Research Finds Women’s Land rights Limited

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Practices such as early marriage and marginalisation of women and girl children in inheritance of property have been found to be factors undermining women’s access to land and housing.

A research on Women’s Access to Land and Housing has found that negotiations for land and housing in Lesotho are done under increasingly difficult conditions and that the patriarchy driven social norms, stereotypes and persistence of male dominated land governance structures in Lesotho perpetuate the perception of women as minors.

During the launch of the research report by Habitat for Humanity in Lesotho at Mpilo Hotel in Maseru on Tuesday (26/03/2019), the National Director of Habitat for Humanity in Lesotho ‘Mathabo Makuta revealed that men had been found to be the cause of women’s deprivation of inheritance of houses and fields. Makuta said outdated traditions and customs played a big role in undermining the rights of women despite efforts made by the government to treat everyone equal before the law.

She said there were progressive policies and legal instruments which were in place to enhance the status of women but these were being undermined by lack of political will and lack of resources, also adding that the lack of awareness among women about their rights was a stumbling block to fighting for their rights to land and housing that is why her organisation was advocating for women and children’s rights on inheritance.

She further alleged that corruption played a major role in alienating women from their rights as men paid bribes to chiefs. “Corruption by those with power who are usually men have the negative impact of increasing the price that women and the poor must pay to gain access to productive resources including land, housing and dispute resolution mechanisms,” she pointed out also stating that the research found evidence where widows and victims of gender-based violence were disenfranchised because of corruption.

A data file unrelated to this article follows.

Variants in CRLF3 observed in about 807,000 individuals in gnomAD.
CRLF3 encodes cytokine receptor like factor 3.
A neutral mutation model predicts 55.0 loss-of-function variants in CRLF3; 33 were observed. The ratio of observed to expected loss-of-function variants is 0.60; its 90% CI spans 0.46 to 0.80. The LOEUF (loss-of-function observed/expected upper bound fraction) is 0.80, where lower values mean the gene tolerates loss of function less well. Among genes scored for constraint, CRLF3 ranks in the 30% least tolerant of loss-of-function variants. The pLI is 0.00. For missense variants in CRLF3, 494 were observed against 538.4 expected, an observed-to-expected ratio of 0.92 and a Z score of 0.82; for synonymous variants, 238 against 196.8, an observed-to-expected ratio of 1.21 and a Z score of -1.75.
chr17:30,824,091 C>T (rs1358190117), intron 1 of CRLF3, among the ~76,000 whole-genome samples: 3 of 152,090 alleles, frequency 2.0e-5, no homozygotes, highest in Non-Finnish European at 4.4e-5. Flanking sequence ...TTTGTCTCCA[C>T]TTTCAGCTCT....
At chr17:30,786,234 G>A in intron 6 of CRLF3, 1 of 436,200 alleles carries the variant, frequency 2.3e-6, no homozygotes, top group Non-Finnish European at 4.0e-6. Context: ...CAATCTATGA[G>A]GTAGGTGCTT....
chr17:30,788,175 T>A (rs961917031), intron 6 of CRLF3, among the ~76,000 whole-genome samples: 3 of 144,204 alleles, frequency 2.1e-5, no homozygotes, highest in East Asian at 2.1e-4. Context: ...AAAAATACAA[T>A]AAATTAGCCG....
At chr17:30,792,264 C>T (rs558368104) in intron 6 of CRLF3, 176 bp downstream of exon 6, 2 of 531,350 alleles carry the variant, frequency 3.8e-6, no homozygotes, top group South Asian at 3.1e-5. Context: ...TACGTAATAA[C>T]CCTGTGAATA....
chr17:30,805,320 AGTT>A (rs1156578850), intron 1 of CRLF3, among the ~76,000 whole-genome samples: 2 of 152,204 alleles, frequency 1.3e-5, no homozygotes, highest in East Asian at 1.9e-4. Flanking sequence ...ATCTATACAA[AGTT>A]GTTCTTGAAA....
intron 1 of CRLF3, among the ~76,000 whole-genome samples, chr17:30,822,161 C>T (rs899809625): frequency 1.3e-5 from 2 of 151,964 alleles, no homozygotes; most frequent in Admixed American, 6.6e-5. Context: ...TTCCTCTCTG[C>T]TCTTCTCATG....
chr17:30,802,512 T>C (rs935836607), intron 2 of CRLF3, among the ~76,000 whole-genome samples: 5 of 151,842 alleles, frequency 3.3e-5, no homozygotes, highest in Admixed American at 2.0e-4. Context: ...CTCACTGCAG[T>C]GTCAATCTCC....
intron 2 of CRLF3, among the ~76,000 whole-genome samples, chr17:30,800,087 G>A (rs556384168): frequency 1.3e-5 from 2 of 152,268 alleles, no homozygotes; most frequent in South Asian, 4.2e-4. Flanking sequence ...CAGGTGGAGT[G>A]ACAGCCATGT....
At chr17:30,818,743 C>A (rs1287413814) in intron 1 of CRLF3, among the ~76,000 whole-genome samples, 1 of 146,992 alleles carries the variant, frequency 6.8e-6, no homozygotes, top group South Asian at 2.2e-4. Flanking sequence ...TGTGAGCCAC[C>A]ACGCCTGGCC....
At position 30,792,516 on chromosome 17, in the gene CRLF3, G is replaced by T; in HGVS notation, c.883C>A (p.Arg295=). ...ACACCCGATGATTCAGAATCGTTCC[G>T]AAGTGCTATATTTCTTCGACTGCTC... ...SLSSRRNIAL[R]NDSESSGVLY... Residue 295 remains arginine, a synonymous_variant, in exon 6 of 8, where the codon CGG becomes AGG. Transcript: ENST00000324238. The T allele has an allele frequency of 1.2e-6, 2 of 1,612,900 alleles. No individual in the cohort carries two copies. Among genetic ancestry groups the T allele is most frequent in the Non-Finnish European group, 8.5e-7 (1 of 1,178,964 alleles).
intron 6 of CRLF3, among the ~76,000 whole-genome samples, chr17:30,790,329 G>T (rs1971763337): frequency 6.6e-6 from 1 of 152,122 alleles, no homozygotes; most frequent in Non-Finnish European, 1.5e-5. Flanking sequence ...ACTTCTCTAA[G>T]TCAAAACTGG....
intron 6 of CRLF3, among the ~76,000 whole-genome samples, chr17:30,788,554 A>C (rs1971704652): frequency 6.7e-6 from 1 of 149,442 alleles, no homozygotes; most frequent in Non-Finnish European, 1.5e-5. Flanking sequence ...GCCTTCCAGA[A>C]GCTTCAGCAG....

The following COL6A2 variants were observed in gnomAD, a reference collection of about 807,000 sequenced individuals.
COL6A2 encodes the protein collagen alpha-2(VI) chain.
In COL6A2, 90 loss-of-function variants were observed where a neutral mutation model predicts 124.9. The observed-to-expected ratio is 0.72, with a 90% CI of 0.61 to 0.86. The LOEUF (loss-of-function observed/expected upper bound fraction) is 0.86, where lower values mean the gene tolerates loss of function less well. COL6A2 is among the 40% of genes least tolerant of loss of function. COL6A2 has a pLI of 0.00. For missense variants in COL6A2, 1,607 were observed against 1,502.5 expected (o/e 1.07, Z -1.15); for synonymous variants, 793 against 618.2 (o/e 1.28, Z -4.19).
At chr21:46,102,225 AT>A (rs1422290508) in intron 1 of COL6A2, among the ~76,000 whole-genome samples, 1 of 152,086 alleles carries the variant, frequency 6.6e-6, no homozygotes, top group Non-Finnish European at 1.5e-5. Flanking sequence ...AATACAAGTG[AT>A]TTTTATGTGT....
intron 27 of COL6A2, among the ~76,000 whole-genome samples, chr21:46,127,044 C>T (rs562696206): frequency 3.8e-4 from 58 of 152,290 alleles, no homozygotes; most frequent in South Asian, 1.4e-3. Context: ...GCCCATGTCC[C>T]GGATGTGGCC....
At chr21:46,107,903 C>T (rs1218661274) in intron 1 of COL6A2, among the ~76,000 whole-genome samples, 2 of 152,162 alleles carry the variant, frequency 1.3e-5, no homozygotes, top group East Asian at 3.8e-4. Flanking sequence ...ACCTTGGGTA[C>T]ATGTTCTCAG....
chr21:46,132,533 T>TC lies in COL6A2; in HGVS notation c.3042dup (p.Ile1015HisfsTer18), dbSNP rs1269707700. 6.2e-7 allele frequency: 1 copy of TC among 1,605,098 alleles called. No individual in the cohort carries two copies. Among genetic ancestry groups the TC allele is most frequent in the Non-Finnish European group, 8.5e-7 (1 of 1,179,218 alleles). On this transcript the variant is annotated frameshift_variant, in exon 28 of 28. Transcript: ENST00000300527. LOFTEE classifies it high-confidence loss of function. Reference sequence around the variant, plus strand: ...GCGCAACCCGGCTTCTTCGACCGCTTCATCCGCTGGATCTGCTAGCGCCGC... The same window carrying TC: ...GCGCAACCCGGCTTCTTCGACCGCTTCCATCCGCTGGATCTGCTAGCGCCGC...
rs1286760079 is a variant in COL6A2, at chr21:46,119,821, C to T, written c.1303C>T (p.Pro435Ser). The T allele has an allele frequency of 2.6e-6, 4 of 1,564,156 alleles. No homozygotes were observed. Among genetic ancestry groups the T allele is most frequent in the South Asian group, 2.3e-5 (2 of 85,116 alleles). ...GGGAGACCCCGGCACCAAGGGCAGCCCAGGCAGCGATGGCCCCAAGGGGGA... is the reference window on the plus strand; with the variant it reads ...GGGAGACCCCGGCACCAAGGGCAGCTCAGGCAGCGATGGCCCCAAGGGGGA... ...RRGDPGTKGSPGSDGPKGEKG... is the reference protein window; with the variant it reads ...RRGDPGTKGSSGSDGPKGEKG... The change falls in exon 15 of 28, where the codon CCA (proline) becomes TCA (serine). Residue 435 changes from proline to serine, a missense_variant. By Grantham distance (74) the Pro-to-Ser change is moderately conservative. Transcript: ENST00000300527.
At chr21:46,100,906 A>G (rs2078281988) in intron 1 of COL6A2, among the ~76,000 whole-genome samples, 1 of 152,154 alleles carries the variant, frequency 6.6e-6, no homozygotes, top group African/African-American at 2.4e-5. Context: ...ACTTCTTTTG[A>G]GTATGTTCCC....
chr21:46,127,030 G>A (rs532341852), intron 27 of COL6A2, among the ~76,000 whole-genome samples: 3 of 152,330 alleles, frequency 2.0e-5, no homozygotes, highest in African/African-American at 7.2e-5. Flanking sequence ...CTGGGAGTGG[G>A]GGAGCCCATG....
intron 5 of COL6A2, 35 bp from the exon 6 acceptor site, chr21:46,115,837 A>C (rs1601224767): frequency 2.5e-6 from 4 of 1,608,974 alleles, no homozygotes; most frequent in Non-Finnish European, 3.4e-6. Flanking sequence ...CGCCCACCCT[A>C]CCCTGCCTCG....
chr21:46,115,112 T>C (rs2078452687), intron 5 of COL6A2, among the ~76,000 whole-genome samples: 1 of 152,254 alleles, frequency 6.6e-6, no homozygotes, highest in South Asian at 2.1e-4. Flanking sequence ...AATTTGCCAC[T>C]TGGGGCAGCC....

“In some cases, chiefs were also undermining women and orphan’s land rights demanding bribes from women who wanted land and or an affidavit to take to court. The officials either ignored the woman’s interests or delayed their intervention until the affected women gave up their claims to land and housing,” she added citing a 1992 case whereby a woman stopped pursuing a case after the family of her husband took away her house and bricks claiming that she was not the rightful heir.

The research had also noted that women who rented houses had no security of tenure and that most women working in factories could not afford to buy land or build their own houses because of low salaries. She added that women were also reluctant to register land in their names for fear of victimization by spouses.

She however noted that the Government of Lesotho through the department of Housing was providing incentives to encourage procurement of housing and land on terms that are affordable to women and the poor in Lesotho.

 “Policy makers should continue to provide incentives for provision of low cost housing at a larger scale. Again, implementation of the housing policy should provide a framework to achieve an increased delivery of affordable housing,” she said, also emphasising the need for a multi-sectoral approach in land delivery as it would be better placed to explore innovations to deliver secure land tenure to women in Lesotho. “This includes working in partnership and investing in the upscaling of some of the approaches that have been highlighted in the report,” she added.

According to Makuta, various initiatives by diverse stakeholders had revealed that there was a need for a platform to advance women’s land tenure security in the country.

As Habitat for Humanity, she stated, they had built 143 houses which benefited the poorest of the poor in various areas around Maseru while Lesotho Highlands Development Authority (LHDA) provided 471 houses to people affected by construction of dams at Mohale and Bokong.